The following week I had a sonogram with him that was supposed to be sent with me to my appointment at Children’s the week of Christmas for my final consultation with the surgeon before the baby’s birth, and for a head to lung ratio to be calculated by the radiologist at Children’s. During this sonogram, the perinatologist had another doctor in the room with him. I felt as if I was their science experiment, as apparently neither had seen a diaphragmatic hernia in about twelve years. Also during the sonogram he began to use medical terms that I am sure he thought I did not understand, and at one point he indicated that the stomach was also in the chest cavity. I asked him about this, and he seemed shocked that I understood what he was talking about. I’m not stupid; I had been conducting my own research even before they made the final diagnosis. He indicated that he did see the stomach there. I got upset and started to cry. After the sonogram was over, I went into the adjacent bathroom to wash my face. When I came out, he looked at me and said, “Well, you know only about a third of these babies live.” I was appalled. That may have been the case when he graduated medical school back around the time I was born, but from everything I had read, fifty percent was about average and even that wasn’t entirely accurate because they should be evaluated on a case by case basis. Then, the day before my appointment at Children’s, the high risk nurse called to tell me that the perinatologist had accidentally taken my sonogram films with him on vacation. I was irate. He indicated to her that I didn’t really need them and that he would be sending a written report to the surgeon and speaking with him the morning of my appointment. Needless to say, I was not very fond of this man by this point. While I appreciated the fact that he saw his own shortcomings and sent me out for consultations that he couldn’t have possibly evaluated himself, he still managed to be infuriating in his lack of bedside manner and organization.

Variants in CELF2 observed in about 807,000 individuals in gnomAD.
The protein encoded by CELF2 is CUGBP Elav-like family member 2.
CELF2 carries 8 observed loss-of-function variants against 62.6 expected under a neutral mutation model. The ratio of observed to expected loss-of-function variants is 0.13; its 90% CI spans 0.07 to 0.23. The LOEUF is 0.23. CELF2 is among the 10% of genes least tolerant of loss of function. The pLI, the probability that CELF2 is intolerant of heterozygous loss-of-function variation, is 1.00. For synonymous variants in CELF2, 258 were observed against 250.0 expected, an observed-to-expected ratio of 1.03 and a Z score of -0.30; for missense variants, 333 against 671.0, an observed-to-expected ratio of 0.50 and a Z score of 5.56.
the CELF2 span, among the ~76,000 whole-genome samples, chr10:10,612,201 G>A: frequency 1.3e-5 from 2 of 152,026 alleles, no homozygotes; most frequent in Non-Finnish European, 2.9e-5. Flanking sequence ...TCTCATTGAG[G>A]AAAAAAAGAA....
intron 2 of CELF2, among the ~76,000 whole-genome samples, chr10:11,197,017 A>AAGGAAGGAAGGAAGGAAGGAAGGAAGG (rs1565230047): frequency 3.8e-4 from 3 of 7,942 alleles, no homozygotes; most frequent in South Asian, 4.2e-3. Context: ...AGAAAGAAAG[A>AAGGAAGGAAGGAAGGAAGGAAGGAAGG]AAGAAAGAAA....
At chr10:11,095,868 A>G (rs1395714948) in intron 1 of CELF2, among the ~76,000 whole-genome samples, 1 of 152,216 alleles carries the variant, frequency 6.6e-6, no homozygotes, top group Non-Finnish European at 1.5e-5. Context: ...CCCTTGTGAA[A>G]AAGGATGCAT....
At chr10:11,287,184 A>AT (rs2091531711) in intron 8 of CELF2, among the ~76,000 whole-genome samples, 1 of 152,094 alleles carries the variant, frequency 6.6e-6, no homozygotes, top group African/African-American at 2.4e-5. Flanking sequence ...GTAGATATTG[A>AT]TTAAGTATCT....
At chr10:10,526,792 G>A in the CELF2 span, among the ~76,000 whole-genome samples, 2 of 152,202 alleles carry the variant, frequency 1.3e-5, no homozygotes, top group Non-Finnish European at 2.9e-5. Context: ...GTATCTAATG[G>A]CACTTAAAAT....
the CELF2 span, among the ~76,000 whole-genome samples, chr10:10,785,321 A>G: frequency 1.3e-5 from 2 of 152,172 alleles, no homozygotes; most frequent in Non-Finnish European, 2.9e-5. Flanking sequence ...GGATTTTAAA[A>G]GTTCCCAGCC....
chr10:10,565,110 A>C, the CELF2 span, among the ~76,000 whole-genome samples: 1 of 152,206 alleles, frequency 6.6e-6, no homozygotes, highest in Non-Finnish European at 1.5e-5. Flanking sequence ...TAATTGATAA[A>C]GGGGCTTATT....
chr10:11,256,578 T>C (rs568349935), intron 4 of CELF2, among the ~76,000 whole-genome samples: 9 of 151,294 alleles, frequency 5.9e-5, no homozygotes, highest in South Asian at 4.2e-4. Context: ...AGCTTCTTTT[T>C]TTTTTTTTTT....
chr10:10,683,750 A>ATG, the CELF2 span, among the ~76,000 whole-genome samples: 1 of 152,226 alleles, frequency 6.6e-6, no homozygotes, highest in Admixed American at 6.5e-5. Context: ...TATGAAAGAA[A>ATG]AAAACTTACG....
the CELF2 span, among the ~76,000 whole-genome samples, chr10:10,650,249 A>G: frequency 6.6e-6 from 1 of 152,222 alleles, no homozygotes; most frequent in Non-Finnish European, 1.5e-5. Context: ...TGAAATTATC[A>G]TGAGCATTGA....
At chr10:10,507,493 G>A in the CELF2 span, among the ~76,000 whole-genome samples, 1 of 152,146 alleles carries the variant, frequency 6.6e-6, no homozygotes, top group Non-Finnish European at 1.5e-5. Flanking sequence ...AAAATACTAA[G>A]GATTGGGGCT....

At the appointment with the surgeon, he told me that even without the sonograms, the radiologist indicated that the head to lung ratio as per the MRIs looked good. He also recommended steroid treatments for the baby’s lungs and an induction, so that the transport team and he would be ready. I had to give birth at Washington Hospital Center, which is next door to Children’s, and then he would be transported. He still indicated that he believed that Jacob’s prognosis was good. That afternoon I had an appointment with the regular OB. She gave me a betamethazone shot and indicated that I needed to have another twenty-four hours later. She also scheduled the induction for January 22nd. I would be admitted the night before so they could ripen the cervix before starting the pitocin. Plus, by this time I was having twice-weekly non-stress tests, which Jacob was passing with flying colors. After the steroids, my weight had dropped, but they weren’t concerned as I had plenty of it. In addition, my edema all but went away. But at my last (thank God) appointment with the perinatologist he ordered a preeclampsia test because he thought my blood pressure was high. All of those tests came back normal, but he put me on bed rest anyhow. I still think that my blood pressure came up high at appointments with him because I had to see him.

At my next appointment, only a few days later, with the regular OB, my pressure had dropped ten points. I went in to the hospital at 12 A.M. on January 22nd for the induction. Jacob was born at 6:10 that evening. Although we had been told he would not cry and that he would be blue upon arrival, he did cry and his color was good. In fact his Apgar scores were that of a normal baby. He was intubated at two minutes of life. The neonatologist placed him on my chest long enough for me to kiss him four times before they took him to their NICU to prepare him for transport to CNMC. After he was loaded into the transport incubator, the transport team came by my room so that I could say goodbye to him. I was allowed to reach in and touch him. He was not moving, as he had already been sedated. I cried for the rest of that evening. I wanted to be with Jacob. I wanted everything to be normal. My mom was allowed into the NICU to spend some time with Jacob after he arrived there.